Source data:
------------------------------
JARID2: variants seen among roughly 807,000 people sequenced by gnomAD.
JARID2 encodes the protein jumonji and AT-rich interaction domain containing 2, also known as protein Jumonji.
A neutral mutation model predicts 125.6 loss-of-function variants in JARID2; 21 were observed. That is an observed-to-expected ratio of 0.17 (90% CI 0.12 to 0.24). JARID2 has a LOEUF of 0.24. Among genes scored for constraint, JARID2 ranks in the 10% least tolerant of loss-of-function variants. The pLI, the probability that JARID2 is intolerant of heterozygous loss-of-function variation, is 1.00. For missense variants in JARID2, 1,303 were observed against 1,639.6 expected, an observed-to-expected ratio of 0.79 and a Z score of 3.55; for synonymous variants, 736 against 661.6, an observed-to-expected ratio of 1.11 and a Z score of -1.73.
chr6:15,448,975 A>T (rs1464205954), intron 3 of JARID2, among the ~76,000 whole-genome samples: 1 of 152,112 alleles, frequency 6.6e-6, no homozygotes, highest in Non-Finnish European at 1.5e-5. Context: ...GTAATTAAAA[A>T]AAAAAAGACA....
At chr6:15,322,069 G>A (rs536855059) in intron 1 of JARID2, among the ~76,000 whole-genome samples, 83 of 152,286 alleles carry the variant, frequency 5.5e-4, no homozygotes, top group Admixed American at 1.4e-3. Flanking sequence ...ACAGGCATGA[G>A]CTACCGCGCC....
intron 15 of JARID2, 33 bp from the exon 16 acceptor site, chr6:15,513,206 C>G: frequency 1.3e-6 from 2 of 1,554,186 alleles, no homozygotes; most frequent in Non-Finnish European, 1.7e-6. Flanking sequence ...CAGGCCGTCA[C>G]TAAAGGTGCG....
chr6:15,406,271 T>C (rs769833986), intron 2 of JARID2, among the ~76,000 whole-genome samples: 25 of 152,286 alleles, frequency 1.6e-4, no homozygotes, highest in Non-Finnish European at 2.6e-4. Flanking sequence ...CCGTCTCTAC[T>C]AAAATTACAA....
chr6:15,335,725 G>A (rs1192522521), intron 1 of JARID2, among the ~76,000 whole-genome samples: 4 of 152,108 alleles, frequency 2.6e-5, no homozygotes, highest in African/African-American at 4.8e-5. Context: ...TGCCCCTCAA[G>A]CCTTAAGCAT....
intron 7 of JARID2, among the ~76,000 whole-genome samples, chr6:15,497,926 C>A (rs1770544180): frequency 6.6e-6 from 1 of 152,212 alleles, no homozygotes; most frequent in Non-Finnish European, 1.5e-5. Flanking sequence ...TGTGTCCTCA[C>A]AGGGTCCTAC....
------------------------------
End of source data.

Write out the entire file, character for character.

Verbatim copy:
JARID2: variants seen among roughly 807,000 people sequenced by gnomAD.
JARID2 encodes the protein jumonji and AT-rich interaction domain containing 2, also known as protein Jumonji.
A neutral mutation model predicts 125.6 loss-of-function variants in JARID2; 21 were observed. That is an observed-to-expected ratio of 0.17 (90% CI 0.12 to 0.24). JARID2 has a LOEUF of 0.24. Among genes scored for constraint, JARID2 ranks in the 10% least tolerant of loss-of-function variants. The pLI, the probability that JARID2 is intolerant of heterozygous loss-of-function variation, is 1.00. For missense variants in JARID2, 1,303 were observed against 1,639.6 expected, an observed-to-expected ratio of 0.79 and a Z score of 3.55; for synonymous variants, 736 against 661.6, an observed-to-expected ratio of 1.11 and a Z score of -1.73.
chr6:15,448,975 A>T (rs1464205954), intron 3 of JARID2, among the ~76,000 whole-genome samples: 1 of 152,112 alleles, frequency 6.6e-6, no homozygotes, highest in Non-Finnish European at 1.5e-5. Context: ...GTAATTAAAA[A>T]AAAAAAGACA....
At chr6:15,322,069 G>A (rs536855059) in intron 1 of JARID2, among the ~76,000 whole-genome samples, 83 of 152,286 alleles carry the variant, frequency 5.5e-4, no homozygotes, top group Admixed American at 1.4e-3. Flanking sequence ...ACAGGCATGA[G>A]CTACCGCGCC....
intron 15 of JARID2, 33 bp from the exon 16 acceptor site, chr6:15,513,206 C>G: frequency 1.3e-6 from 2 of 1,554,186 alleles, no homozygotes; most frequent in Non-Finnish European, 1.7e-6. Flanking sequence ...CAGGCCGTCA[C>G]TAAAGGTGCG....
chr6:15,406,271 T>C (rs769833986), intron 2 of JARID2, among the ~76,000 whole-genome samples: 25 of 152,286 alleles, frequency 1.6e-4, no homozygotes, highest in Non-Finnish European at 2.6e-4. Flanking sequence ...CCGTCTCTAC[T>C]AAAATTACAA....
chr6:15,335,725 G>A (rs1192522521), intron 1 of JARID2, among the ~76,000 whole-genome samples: 4 of 152,108 alleles, frequency 2.6e-5, no homozygotes, highest in African/African-American at 4.8e-5. Context: ...TGCCCCTCAA[G>A]CCTTAAGCAT....
intron 7 of JARID2, among the ~76,000 whole-genome samples, chr6:15,497,926 C>A (rs1770544180): frequency 6.6e-6 from 1 of 152,212 alleles, no homozygotes; most frequent in Non-Finnish European, 1.5e-5. Flanking sequence ...TGTGTCCTCA[C>A]AGGGTCCTAC....